**Explanation:** The maximum bending moment in a simply supported beam occurs when the UDL is applied at the midspan. Understanding this characteristic is crucial in analyzing the critical points of stress and deformation in simply supported beams.

**Explanation:** The maximum bending moment produced in a simply supported beam subjected to a UDL can be calculated using the formula M = (wL^2)/8, where w is the load per unit length and L is the span of the beam. Plugging in the given values, we get M = (10*4^2)/8 = 20 kN-m.

**Explanation:** A long vertical member subjected to an axial compressive load is called a column. Columns are crucial structural elements used to support and transfer loads vertically, and their behavior is essential in structural design and analysis.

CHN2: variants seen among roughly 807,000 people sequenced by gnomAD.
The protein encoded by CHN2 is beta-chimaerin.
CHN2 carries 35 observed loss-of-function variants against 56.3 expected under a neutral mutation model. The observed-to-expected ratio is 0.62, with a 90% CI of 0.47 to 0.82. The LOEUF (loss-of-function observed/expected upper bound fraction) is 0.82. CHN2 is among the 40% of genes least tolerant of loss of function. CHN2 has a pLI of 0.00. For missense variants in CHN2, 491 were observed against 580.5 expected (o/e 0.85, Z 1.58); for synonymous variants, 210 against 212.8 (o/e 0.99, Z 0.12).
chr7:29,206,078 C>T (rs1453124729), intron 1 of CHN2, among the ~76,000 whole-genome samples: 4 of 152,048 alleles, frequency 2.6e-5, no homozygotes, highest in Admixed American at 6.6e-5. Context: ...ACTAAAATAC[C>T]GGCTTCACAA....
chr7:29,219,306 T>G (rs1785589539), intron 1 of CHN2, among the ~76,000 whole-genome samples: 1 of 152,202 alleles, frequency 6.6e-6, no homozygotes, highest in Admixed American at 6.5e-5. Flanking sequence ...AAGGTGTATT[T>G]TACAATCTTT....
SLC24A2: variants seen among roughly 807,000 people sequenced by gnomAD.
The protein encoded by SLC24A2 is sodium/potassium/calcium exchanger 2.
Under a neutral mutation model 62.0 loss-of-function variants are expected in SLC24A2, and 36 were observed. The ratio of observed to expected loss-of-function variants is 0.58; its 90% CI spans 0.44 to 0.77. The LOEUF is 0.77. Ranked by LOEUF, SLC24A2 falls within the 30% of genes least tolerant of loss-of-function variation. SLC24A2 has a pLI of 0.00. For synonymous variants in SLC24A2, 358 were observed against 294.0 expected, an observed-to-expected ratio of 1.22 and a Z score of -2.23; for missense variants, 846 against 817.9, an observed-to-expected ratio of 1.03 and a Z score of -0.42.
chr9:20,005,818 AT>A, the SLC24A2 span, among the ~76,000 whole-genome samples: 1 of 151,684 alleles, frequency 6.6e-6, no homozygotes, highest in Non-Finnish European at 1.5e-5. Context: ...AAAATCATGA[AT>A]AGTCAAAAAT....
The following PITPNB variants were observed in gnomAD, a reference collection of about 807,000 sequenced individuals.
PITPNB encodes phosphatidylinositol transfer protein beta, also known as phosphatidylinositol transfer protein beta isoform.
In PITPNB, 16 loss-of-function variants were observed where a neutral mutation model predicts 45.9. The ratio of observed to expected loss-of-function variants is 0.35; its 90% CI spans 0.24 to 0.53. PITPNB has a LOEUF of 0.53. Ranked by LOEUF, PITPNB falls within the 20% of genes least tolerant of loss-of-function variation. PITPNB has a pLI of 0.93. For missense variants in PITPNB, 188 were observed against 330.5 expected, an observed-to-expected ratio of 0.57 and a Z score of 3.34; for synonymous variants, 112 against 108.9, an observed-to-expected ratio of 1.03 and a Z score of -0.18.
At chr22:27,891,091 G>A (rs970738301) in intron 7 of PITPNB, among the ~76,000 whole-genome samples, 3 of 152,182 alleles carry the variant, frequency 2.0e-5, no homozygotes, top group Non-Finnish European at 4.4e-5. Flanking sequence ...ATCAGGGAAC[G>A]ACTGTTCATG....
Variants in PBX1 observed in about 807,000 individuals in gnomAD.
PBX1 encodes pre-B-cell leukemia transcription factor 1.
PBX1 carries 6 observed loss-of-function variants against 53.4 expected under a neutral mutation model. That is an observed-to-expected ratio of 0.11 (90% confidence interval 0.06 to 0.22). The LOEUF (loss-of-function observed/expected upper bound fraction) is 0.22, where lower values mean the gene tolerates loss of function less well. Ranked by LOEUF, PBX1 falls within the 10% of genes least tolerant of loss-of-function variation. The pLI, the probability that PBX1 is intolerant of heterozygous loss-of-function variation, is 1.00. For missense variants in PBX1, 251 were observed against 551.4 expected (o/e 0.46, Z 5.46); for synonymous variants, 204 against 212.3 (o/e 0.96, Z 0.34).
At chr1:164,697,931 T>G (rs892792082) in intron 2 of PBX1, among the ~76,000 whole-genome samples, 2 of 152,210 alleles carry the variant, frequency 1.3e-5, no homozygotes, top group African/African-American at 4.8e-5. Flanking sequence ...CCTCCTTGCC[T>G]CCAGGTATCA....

**Explanation:** A column that fails primarily due to direct stress is called a short column. Understanding the failure behavior of different types of columns is crucial in structural engineering and design.

**Explanation:** A column that fails primarily due to buckling is known as a long column. Understanding the failure behavior of different types of columns is crucial in structural engineering and design.

**Explanation:** The buckling load for a given column depends on both the length of the column and its least lateral dimension. Understanding this relationship is crucial in determining the stability and load-carrying capacity of columns.

**Explanation:** The effective length of a column with both ends hinged is simply the length of the column itself (L). Understanding the effective length of columns is crucial in analyzing their behavior and stability under different loading conditions.